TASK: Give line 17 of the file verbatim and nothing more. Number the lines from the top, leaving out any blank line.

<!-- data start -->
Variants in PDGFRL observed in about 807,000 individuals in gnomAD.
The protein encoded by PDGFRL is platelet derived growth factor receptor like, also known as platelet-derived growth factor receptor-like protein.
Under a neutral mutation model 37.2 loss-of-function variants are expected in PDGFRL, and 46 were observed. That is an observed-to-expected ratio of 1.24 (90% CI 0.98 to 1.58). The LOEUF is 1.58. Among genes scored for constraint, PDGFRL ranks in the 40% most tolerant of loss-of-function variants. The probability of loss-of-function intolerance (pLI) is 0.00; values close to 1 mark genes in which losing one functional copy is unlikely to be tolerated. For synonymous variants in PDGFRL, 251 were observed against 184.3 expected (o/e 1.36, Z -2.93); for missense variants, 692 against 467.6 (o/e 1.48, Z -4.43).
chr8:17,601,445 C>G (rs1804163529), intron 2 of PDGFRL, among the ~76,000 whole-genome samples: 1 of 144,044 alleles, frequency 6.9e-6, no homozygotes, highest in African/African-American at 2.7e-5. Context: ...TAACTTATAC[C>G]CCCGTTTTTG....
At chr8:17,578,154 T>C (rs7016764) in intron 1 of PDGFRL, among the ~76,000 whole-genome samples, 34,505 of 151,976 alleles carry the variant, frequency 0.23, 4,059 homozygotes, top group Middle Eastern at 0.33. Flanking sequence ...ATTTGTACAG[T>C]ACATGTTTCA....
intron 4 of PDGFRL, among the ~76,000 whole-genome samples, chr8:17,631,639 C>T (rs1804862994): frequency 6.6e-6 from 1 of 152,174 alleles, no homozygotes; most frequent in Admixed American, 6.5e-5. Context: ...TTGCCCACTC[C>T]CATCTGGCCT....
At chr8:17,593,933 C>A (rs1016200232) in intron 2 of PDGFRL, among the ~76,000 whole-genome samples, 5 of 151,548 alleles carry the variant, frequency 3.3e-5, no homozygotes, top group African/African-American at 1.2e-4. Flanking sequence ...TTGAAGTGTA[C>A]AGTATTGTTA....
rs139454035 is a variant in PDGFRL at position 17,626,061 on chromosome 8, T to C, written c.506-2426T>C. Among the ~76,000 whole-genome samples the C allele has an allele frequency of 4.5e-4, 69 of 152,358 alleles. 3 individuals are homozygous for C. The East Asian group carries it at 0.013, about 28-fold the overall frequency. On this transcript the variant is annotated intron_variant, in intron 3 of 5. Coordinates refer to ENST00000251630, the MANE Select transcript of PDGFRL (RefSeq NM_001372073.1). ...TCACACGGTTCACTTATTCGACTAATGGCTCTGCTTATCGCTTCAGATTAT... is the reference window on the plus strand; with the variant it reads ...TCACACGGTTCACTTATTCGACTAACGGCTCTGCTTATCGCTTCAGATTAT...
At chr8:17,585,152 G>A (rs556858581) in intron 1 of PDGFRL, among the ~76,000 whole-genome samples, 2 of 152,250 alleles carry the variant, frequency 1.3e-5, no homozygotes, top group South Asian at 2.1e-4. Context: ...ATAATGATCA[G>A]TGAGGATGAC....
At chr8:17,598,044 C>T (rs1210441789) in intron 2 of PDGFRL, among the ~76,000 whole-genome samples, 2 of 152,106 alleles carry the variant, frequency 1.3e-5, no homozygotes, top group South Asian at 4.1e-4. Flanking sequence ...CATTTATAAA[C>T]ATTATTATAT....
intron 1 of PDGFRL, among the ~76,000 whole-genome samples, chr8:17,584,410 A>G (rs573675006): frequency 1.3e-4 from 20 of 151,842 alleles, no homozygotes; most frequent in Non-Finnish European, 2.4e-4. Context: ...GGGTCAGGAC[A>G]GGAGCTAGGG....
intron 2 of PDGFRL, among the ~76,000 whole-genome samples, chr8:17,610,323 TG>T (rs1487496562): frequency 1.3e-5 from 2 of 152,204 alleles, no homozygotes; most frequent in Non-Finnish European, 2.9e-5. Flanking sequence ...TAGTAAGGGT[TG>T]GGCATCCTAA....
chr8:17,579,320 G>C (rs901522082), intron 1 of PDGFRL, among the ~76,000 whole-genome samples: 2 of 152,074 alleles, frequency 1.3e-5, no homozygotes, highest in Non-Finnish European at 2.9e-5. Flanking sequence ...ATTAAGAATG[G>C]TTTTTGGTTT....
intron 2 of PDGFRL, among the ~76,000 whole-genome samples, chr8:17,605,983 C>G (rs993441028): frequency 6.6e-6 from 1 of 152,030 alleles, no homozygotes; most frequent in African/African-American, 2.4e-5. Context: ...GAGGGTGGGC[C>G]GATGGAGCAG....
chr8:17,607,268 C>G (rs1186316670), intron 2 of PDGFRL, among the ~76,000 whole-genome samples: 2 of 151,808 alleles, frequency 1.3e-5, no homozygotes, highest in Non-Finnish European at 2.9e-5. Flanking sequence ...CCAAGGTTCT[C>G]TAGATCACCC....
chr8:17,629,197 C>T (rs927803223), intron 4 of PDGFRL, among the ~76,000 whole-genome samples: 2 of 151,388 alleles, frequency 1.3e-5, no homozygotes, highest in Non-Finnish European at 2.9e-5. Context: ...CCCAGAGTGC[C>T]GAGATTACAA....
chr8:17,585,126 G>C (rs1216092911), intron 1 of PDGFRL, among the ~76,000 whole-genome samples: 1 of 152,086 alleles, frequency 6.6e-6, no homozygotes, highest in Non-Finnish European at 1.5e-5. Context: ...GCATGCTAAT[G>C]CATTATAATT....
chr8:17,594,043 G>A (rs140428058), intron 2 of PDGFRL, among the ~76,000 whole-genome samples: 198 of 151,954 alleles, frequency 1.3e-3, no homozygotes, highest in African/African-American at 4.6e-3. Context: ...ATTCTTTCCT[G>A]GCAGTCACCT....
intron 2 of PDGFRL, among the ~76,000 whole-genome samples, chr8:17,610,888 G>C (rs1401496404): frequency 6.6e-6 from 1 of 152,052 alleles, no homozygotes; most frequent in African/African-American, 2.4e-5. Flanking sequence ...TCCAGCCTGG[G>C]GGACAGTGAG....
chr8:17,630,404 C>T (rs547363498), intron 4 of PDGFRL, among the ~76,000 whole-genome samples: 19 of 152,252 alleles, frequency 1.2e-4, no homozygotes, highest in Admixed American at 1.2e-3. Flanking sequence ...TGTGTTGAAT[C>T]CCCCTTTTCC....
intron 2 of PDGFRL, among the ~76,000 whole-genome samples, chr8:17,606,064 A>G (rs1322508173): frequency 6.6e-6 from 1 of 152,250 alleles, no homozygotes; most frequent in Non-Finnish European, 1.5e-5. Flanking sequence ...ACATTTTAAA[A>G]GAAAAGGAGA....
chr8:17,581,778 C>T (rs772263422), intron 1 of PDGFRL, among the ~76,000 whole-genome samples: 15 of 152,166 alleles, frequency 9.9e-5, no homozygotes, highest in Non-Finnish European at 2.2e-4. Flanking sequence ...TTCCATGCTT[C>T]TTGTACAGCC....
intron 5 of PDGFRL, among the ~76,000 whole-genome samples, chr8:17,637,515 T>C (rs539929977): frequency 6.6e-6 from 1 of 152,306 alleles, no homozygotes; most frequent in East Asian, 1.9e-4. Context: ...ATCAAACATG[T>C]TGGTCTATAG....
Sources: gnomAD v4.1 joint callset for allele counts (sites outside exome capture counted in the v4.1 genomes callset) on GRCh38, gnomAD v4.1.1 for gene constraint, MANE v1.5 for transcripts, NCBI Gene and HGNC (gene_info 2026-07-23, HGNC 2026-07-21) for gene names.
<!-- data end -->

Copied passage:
chr8:17,585,126 G>C (rs1216092911), intron 1 of PDGFRL, among the ~76,000 whole-genome samples: 1 of 152,086 alleles, frequency 6.6e-6, no homozygotes, highest in Non-Finnish European at 1.5e-5. Context: ...GCATGCTAAT[G>C]CATTATAATT....